A few weeks ago I received an advance copy of Dark Screams: Volume Five in exchange for an honest review. That review will appear here tomorrow. In the meantime I reached out to Bram Stoker award winner Kealan Patrick Burke and asked him to come here and talk about his entry in the book. Kealan graciously agreed to do so. What follows, in a recognizably eloquent voice, is Kealan’s essay.
Sunshine & Shadow by Kealan Patrick Burke
I adore horror anthologies and have ever since I first stumbled upon Stephen Jones’ and David Sutton’s Dark Terrors back in my teens. Through these books, and later, Jones’ annual Best New Horror, Charlie Grant’s Shadows, Stuart David Schiff’s Whispers, Dark Harvest’s Night Visions, Kirby McCauley’s Dark Forces, and others, I found myself not only falling madly in love with short stories, but also writing them. Indeed it is no exaggeration when I confess that the works featured in the aforementioned volumes set me on the path I still travel today. I loved short stories back then, and I still do now, which is why I find it so hard to turn down the opportunity to write one when invited to do so, even if my schedule suggests polite declination would be the most sensible option.
When editor Brian Freeman came to me with the invite for Dark Screams, I was deep into writing a novel (the sequel to Kin), and even though I agreed to try to contribute, I suspected I’d never make the deadline. Even if I somehow managed to find the time, all my mental energy and ideas were being channeled into the novel.
Then, a few weeks later, I found myself having a few beers and Skyping with my younger brother back in Ireland, a ritual we tend to enjoy once a month or so, schedules permitting. He’s a graphic design student and that night he told me about an animation project he’d been tasked to do in which the characters would be silhouettes, much like shadow theater. He asked if I had any ideas or stories he could use as the basis for the animation, and what came to me was a single image, which I explained thusly: “I see an old man wandering crooked streets, searching for something.”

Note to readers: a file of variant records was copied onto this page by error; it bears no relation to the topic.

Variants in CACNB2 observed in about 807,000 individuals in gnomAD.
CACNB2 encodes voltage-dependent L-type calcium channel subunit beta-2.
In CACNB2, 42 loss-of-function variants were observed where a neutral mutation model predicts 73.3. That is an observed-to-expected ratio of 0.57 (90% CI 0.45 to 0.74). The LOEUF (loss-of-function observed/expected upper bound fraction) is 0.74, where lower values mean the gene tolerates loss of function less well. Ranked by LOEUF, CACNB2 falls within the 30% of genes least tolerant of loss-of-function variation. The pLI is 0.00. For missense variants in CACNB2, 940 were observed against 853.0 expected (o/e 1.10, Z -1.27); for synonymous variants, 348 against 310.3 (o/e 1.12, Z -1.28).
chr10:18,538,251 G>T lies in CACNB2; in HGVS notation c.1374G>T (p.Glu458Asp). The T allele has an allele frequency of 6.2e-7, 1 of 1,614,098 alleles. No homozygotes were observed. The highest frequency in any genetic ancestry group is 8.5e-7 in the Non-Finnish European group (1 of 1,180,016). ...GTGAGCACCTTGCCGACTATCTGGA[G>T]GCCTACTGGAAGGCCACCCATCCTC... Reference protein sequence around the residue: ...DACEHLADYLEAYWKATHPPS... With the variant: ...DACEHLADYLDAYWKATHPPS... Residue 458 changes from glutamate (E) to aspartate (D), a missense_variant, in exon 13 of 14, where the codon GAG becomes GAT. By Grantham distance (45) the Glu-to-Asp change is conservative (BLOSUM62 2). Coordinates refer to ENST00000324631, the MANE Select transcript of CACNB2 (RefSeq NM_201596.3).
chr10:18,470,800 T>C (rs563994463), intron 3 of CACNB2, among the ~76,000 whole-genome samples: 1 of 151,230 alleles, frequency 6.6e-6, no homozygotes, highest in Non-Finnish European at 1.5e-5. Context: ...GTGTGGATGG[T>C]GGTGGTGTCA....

Over the coming weeks, and despite my lack of time, this simple idea coalesced into the shadow-play-as-prose that is “The Land of Sunshine”, in which I took an old man and his mute wife, both of whom exist in a kind of purgatorial elsewhere, and sent him on a short odyssey through an urban hell in an effort to find what he has lost. I love the idea of places that are unmoored from our reality but not in an overly obvious way. It can be nothing more than the absence of proper light or the curious depth of shadow in its stead. It can be a tilted roof or corners that do not quite meet where they should. Places in which water appears to run uphill, the trees are stunted, and the sun is a stranger. It’s no accident that my fictional town of Milestone features many of these traits and as such is a place I like to frequent.
Once “The Land of Sunshine” was done, I went to my brother with it, only to discover that he had already completed the animation project and so didn’t need it anymore. As tends to happen to me quite often, whether due to procrastination or just plain forgetfulness, the deadline for his project had come and gone and he had assumed I’d lost interest, or just gotten otherwise preoccupied. Thankfully this left me with a story for which I had no home, and as it was unlikely I’d get a chance to write another one in time, I sent it along to Brian Freeman for possible inclusion in Dark Screams: Volume Five, though given its poetic nature, I wasn’t entirely sure it would make a good fit. Thankfully, Brian loved it, and accepted it for the book. And whether intentional or not on the part of the editors, the fifth volume of the series seems unified by the themes of love and loss, which I very much like. I’m also somewhat enamored by the work of my Dark Screams compatriots, not just in this volume but the preceding ones too, and I’m proud to appear alongside them. It reminds me of all those much adored anthologies back in my formative years, and I’d love to think that somewhere some youngster with a head full of literary dreams is discovering our voices for the first time and realizing, as I did, that those dreams are attainable.
So, while the book is out there doing its best to creep you out, I’m off to embark upon some chill seeking of my own.
It is, after all, the season for such things.
– Kealan Patrick Burke
October 13th, 2015
Editors: Brian James Freeman and Richard Chizmar
About Kealan Patrick Burke: Born and raised in Dungarvan, Ireland, Kealan Patrick Burke is the Bram Stoker Award-winning author of five novels (Master of the Moors, Currency of Souls, Kin, The Living, and Nemesis: The Death of Timmy Quinn), over a hundred short stories, four collections (Ravenous Ghosts, The Number 121 to Pennsylvania & Others, Theater Macabre, and The Novellas), and editor of four acclaimed anthologies (Taverns of the Dead, Quietly Now: A Tribute to Charles L. Grant, Brimstone Turnpike, and Tales from the Gorezone, proceeds from which were donated to children’s charity PROTECT.) You can learn more about Kealan at http://www.kealanpatrickburke.com/